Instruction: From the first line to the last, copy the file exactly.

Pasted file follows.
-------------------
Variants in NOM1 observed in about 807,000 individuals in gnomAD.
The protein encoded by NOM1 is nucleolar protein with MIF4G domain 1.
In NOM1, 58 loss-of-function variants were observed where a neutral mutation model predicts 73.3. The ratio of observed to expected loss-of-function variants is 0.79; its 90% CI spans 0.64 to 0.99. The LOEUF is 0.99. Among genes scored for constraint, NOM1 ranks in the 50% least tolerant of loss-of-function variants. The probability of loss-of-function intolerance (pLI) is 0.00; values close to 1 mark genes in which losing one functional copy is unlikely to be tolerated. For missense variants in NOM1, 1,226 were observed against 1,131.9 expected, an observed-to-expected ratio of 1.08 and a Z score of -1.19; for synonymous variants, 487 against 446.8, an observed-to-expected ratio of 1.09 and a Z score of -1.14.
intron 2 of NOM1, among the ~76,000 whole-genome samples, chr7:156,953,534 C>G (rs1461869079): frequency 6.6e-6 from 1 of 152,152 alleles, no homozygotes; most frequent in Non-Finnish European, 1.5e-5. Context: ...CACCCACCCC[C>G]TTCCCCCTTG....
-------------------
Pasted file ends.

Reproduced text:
Variants in NOM1 observed in about 807,000 individuals in gnomAD.
The protein encoded by NOM1 is nucleolar protein with MIF4G domain 1.
In NOM1, 58 loss-of-function variants were observed where a neutral mutation model predicts 73.3. The ratio of observed to expected loss-of-function variants is 0.79; its 90% CI spans 0.64 to 0.99. The LOEUF is 0.99. Among genes scored for constraint, NOM1 ranks in the 50% least tolerant of loss-of-function variants. The probability of loss-of-function intolerance (pLI) is 0.00; values close to 1 mark genes in which losing one functional copy is unlikely to be tolerated. For missense variants in NOM1, 1,226 were observed against 1,131.9 expected, an observed-to-expected ratio of 1.08 and a Z score of -1.19; for synonymous variants, 487 against 446.8, an observed-to-expected ratio of 1.09 and a Z score of -1.14.
intron 2 of NOM1, among the ~76,000 whole-genome samples, chr7:156,953,534 C>G (rs1461869079): frequency 6.6e-6 from 1 of 152,152 alleles, no homozygotes; most frequent in Non-Finnish European, 1.5e-5. Context: ...CACCCACCCC[C>G]TTCCCCCTTG....